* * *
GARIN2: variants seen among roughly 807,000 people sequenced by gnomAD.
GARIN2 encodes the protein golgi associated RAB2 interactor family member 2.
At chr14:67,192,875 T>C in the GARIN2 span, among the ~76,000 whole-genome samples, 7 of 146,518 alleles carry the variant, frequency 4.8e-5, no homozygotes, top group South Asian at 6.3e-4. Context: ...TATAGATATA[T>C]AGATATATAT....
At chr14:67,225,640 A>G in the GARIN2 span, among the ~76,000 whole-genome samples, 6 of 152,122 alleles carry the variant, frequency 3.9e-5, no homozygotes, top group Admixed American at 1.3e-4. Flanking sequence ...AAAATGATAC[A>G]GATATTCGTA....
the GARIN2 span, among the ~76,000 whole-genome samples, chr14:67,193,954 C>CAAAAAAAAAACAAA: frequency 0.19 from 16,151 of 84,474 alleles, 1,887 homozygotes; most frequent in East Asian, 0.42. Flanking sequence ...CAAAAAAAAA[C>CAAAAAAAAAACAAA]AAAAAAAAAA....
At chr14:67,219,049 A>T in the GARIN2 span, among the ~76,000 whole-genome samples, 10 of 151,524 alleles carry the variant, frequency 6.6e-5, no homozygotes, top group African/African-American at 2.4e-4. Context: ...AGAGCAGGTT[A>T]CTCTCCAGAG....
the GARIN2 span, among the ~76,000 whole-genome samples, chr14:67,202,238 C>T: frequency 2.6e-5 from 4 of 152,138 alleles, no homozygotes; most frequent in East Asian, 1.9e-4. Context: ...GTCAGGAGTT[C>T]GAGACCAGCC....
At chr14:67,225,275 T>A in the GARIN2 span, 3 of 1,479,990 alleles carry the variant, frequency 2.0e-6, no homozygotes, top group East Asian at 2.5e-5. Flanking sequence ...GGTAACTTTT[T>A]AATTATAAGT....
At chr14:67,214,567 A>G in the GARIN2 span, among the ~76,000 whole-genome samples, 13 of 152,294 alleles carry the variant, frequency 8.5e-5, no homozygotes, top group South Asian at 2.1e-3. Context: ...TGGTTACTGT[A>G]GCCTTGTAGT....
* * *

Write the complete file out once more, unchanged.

GARIN2: variants seen among roughly 807,000 people sequenced by gnomAD.
GARIN2 encodes the protein golgi associated RAB2 interactor family member 2.
At chr14:67,192,875 T>C in the GARIN2 span, among the ~76,000 whole-genome samples, 7 of 146,518 alleles carry the variant, frequency 4.8e-5, no homozygotes, top group South Asian at 6.3e-4. Context: ...TATAGATATA[T>C]AGATATATAT....
At chr14:67,225,640 A>G in the GARIN2 span, among the ~76,000 whole-genome samples, 6 of 152,122 alleles carry the variant, frequency 3.9e-5, no homozygotes, top group Admixed American at 1.3e-4. Flanking sequence ...AAAATGATAC[A>G]GATATTCGTA....
the GARIN2 span, among the ~76,000 whole-genome samples, chr14:67,193,954 C>CAAAAAAAAAACAAA: frequency 0.19 from 16,151 of 84,474 alleles, 1,887 homozygotes; most frequent in East Asian, 0.42. Flanking sequence ...CAAAAAAAAA[C>CAAAAAAAAAACAAA]AAAAAAAAAA....
At chr14:67,219,049 A>T in the GARIN2 span, among the ~76,000 whole-genome samples, 10 of 151,524 alleles carry the variant, frequency 6.6e-5, no homozygotes, top group African/African-American at 2.4e-4. Context: ...AGAGCAGGTT[A>T]CTCTCCAGAG....
the GARIN2 span, among the ~76,000 whole-genome samples, chr14:67,202,238 C>T: frequency 2.6e-5 from 4 of 152,138 alleles, no homozygotes; most frequent in East Asian, 1.9e-4. Context: ...GTCAGGAGTT[C>T]GAGACCAGCC....
At chr14:67,225,275 T>A in the GARIN2 span, 3 of 1,479,990 alleles carry the variant, frequency 2.0e-6, no homozygotes, top group East Asian at 2.5e-5. Flanking sequence ...GGTAACTTTT[T>A]AATTATAAGT....
At chr14:67,214,567 A>G in the GARIN2 span, among the ~76,000 whole-genome samples, 13 of 152,294 alleles carry the variant, frequency 8.5e-5, no homozygotes, top group South Asian at 2.1e-3. Context: ...TGGTTACTGT[A>G]GCCTTGTAGT....